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Whenever a Democrat comes into office promising to restore our standing in the world and our alliances, it usually means that he will cater more to European opinion than his Republican predecessor.
That was the expectation of Biden, with the added provisos that he could be trusted to say critical things about Vladimir Putin that Trump never did, avoid making statements calling into question our commitment to NATO, and say the typical things U.S. presidents do about human rights and standing by dissidents.
None of this was a particularly high bar, but that people thought Biden would clear it led many to elevate him into an alleged statesman of the first order.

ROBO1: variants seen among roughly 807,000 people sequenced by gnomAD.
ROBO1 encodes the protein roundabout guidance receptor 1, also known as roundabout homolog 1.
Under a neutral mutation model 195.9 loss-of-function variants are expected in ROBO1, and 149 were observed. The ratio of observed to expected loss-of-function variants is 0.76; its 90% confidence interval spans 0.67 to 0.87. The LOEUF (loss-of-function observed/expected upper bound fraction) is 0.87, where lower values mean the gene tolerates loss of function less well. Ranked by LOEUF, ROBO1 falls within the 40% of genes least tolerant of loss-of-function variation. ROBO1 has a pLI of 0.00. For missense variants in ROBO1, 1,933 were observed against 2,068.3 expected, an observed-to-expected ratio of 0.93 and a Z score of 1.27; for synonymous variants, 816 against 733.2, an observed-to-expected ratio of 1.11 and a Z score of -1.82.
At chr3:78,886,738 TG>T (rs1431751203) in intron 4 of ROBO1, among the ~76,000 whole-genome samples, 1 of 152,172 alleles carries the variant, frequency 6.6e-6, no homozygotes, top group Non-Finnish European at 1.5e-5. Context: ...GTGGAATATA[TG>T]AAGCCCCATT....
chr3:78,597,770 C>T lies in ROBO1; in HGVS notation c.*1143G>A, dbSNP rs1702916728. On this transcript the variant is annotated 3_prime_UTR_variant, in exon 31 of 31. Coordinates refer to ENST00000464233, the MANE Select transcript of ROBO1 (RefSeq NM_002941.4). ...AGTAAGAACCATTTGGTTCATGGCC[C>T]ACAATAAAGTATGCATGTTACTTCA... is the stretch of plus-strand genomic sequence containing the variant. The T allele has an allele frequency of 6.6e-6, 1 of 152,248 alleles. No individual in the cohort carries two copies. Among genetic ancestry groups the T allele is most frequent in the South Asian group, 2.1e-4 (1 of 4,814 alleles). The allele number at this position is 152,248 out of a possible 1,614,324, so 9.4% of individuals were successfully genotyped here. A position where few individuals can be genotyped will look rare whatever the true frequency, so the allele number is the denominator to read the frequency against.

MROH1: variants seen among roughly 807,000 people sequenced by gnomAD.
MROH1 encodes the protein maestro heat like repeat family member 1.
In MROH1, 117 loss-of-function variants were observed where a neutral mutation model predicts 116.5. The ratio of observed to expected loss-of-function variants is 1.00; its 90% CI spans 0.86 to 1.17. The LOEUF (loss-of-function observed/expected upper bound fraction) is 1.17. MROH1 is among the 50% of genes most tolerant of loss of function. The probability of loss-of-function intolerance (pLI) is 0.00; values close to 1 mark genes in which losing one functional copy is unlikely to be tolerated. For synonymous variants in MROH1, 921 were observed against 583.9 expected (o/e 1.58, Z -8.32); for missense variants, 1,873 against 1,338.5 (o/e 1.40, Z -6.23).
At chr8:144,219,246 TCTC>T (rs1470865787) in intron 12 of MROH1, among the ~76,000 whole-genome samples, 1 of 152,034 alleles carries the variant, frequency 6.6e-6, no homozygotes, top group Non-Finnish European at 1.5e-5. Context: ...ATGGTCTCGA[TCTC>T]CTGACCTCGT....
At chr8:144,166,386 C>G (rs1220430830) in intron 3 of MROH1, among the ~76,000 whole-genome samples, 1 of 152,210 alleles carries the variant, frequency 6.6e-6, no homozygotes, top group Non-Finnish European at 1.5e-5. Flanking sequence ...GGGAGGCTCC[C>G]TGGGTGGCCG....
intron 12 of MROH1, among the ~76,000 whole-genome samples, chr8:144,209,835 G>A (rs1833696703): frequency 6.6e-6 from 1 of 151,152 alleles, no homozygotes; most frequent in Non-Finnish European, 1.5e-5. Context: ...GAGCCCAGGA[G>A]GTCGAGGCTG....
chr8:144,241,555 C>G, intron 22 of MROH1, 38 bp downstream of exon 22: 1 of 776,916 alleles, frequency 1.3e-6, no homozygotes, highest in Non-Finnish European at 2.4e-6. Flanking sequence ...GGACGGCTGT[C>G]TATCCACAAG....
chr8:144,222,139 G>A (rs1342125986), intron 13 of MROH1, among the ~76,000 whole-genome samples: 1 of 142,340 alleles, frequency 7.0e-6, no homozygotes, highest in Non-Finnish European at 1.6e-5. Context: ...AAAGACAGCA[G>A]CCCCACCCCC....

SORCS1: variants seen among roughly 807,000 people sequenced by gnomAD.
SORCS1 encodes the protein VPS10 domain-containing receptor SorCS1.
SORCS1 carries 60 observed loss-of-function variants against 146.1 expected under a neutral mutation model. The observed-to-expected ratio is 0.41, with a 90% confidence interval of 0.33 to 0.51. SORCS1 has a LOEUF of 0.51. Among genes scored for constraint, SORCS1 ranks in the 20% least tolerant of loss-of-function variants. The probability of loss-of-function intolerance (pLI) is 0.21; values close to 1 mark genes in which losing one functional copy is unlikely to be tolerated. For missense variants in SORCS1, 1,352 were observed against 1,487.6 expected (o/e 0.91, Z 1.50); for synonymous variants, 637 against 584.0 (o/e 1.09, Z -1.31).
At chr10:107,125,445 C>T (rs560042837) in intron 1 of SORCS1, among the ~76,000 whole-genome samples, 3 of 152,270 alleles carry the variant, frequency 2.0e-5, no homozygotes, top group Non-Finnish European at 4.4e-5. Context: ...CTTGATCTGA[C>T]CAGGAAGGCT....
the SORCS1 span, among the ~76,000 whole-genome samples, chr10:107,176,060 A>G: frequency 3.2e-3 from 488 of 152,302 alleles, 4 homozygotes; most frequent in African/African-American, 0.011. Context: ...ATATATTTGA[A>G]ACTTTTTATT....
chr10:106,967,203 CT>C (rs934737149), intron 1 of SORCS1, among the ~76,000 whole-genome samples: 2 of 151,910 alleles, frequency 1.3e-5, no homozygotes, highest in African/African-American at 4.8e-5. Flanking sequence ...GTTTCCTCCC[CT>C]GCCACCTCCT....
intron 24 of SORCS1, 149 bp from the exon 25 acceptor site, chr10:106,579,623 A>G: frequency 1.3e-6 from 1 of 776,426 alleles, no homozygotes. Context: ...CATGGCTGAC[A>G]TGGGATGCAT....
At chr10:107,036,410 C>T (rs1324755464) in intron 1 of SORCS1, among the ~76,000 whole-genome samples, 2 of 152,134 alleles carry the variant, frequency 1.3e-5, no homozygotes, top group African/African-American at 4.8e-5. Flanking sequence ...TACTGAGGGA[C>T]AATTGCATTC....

He is still, we can assume, going to say the conventionally appropriate things about most routine foreign matters. Otherwise, what he’s done in Afghanistan has made a hash of all of this and done more damage than Trump’s outrageousness ever did — he’s angered and alienated European opinion, pleased Putin, undercut NATO in a significant way, and created a humanitarian catastrophe that will make his future defenses of human rights sound tinny.
It’s a debacle, but no one who had a realistic view of Joe Biden going in can say he’s particularly surprised.